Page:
After smashing 13 goals past Taiwan and Thailand, Australia will confront a resolute China as they fight to avoid an Olympic qualifying play-off with South Korea.
Unless you’re a student of ancient Greek history you may be unaware that the Olympic Games first fell into disrepute as far back as 380 BCE.
Winners were escorted home by cheering crowds and given expensive gifts. In some cases, a handsome stipend for life.
It wasn’t long before the towns and cities that wanted a measure of renown began to compete for the services of top athletes. For example, Astylus of Croton, who excelled in the diaulus, today’s 800 metres, declared himself to be a citizen of Syracuse. And Sotades of Crete, a dolichos champ, today’s 5,000 metres, became a citizen of Ephesus.
This kind of professionalism, denounced in public by men as eminent as Plato and Socrates, destroyed the ancient games and they petered out under a cloud of dishonour around 393 CE.
It wasn’t until the 19th century that a wealthy Greek philanthropist, Evangelos Zappas, offered to sponsor a “new” Olympic Games. His offer was accepted and these revived Games were duly held in Athens in 1859. Thirty-one years later Baron de Coupertin founded the IOC and the modern, movable Olympics were launched.
The Paris Olympics of 1900 were the first to include women. Four years on, the Games were held in St. Louis, Missouri. 650 athletes took part, 580 of them from the U.S. Needless to say, America won.
The next Games, in London in 1908, saw a wonderful piece of absurdity: four men contested the 400 metres final, an Englishman and running world record holder named Wyndham Halswelle, and three Americans. Halswelle was boxed out by the Americans, and the English judges tore the tape before the finish, declaring the race void.
Halswelle further protested after the race, noting that one American elbowed him clear across the track. The English judges accepted the complaint and ordered the race rerun. The American team captain refused to allow this so the judges decided that the race would be run without them. Halswelle re-ran the race by himself, although reluctantly, and was declared the winner.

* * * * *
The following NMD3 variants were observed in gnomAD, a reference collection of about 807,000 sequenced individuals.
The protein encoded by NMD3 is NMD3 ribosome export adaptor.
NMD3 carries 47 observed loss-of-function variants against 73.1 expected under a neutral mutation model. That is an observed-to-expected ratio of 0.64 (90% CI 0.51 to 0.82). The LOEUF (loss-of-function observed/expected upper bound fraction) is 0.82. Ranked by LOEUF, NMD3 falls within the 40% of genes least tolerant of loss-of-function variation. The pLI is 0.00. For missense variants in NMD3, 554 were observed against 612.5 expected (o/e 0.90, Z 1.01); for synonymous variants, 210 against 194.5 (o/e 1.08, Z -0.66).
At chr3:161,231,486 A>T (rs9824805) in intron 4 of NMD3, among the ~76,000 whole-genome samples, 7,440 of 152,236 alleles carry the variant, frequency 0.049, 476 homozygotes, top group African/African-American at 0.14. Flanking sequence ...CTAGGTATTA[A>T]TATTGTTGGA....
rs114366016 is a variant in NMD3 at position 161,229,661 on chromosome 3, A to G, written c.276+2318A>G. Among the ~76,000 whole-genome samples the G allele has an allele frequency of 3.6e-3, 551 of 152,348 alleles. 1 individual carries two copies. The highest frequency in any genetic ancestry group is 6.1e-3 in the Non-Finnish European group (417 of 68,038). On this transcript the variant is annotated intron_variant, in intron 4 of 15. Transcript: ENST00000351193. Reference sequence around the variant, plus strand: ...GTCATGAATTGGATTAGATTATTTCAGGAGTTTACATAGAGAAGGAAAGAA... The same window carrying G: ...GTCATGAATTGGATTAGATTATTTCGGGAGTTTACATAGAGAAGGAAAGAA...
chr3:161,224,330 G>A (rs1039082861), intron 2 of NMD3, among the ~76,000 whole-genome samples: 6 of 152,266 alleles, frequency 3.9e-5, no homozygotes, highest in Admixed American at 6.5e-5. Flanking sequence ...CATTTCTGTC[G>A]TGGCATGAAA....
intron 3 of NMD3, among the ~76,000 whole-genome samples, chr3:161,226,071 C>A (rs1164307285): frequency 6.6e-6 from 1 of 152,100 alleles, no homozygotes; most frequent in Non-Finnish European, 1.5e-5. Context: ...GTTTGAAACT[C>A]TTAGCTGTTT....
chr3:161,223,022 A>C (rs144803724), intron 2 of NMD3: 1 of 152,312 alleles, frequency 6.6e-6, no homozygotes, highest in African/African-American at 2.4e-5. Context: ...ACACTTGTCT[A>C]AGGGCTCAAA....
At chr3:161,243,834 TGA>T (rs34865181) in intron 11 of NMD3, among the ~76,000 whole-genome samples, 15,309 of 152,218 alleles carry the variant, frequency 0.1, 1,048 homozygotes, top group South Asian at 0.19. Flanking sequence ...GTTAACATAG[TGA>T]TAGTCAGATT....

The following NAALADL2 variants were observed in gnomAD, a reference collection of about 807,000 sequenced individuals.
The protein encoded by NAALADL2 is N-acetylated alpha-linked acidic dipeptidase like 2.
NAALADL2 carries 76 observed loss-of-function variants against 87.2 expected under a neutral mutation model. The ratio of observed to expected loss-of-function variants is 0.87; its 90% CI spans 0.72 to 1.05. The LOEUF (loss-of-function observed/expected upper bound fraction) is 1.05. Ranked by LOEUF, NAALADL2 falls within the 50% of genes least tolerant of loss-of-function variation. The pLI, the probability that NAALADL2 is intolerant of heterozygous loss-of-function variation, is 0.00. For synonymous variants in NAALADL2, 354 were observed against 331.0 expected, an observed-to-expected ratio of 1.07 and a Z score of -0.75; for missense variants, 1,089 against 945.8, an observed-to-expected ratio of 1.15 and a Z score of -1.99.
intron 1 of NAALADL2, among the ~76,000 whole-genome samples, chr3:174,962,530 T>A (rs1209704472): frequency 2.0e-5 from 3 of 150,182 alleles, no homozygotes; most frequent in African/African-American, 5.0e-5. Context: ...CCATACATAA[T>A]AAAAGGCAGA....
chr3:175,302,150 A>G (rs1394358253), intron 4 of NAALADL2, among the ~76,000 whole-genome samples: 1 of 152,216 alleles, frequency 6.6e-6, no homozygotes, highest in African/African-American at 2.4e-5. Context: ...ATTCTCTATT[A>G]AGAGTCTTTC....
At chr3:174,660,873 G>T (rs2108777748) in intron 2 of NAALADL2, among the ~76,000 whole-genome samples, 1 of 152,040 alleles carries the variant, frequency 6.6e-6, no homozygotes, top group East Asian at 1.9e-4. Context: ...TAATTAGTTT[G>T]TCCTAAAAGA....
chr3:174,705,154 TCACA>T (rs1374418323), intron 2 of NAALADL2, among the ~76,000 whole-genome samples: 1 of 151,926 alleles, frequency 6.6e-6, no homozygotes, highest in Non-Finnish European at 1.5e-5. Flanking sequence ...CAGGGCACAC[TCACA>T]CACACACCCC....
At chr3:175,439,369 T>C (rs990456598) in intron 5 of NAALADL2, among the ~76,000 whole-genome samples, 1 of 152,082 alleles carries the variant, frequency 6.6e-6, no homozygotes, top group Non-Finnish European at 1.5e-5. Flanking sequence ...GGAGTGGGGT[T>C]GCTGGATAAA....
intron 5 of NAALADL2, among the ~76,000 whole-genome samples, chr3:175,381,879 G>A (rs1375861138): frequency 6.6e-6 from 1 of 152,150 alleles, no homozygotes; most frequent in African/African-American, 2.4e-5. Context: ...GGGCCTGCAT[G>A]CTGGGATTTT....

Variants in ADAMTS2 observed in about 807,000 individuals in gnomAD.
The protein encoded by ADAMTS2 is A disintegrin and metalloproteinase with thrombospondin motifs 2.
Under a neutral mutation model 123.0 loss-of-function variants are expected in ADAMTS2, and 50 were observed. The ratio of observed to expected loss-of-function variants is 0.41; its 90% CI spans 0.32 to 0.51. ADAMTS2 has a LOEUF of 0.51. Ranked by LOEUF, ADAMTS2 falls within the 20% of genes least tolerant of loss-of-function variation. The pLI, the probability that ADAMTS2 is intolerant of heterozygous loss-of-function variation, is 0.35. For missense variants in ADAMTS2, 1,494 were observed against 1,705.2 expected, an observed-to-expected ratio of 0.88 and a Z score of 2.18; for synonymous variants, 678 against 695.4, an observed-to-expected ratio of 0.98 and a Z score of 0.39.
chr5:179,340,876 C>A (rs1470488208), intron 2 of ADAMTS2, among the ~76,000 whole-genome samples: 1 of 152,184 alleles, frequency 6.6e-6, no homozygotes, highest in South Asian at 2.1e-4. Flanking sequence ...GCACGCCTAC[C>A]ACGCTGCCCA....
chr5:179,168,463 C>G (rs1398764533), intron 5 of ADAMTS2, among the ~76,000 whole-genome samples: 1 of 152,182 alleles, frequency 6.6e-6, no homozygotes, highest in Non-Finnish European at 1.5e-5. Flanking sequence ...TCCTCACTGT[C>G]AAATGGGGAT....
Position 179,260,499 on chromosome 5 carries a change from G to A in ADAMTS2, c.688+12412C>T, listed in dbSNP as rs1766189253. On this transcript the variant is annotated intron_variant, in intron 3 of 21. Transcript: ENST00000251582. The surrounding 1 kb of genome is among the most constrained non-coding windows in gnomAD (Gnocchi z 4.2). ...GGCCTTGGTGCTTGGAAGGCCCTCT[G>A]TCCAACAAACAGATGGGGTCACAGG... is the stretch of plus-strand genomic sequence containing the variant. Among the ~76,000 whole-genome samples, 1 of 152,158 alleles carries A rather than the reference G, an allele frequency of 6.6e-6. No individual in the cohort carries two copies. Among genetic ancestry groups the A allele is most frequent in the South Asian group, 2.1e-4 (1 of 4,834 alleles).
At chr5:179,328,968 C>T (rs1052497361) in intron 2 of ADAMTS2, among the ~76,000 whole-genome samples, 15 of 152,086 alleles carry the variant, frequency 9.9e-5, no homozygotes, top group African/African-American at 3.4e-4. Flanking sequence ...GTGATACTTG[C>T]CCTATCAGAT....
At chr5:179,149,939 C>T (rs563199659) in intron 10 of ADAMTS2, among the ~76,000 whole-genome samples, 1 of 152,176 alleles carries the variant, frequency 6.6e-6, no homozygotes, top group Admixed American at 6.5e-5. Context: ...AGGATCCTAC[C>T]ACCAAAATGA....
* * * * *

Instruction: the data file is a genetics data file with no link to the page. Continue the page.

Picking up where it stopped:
And so to next month’s contentious Olympic Games in Rio de Janeiro.
It doesn’t look too good for the home country, the experts predicting just four golds for Brazil: Talita Antunes and Larissa Franca, reigning world champs in women’s beach volley ball, and Alison Cerutti and Bruno Schmidt, world’s number one in the men’s event.
The home crowd is expected to lift the soccer team to the top of the podium, and the men’s floor volley ball squad is tipped to win. Outside of that, gold medals will be a surprise for Brazil..
But whatever the event many contestants will have to compete with the anopheles mosquito, vector for the dengue and zika viruses, horribly contaminated sea water and kamikaze traffic that ignores red lights and stop signs.
Here’s hoping that the mozzies, the Americans and the motorists behave themselves so that nobody ends up running a race by themselves.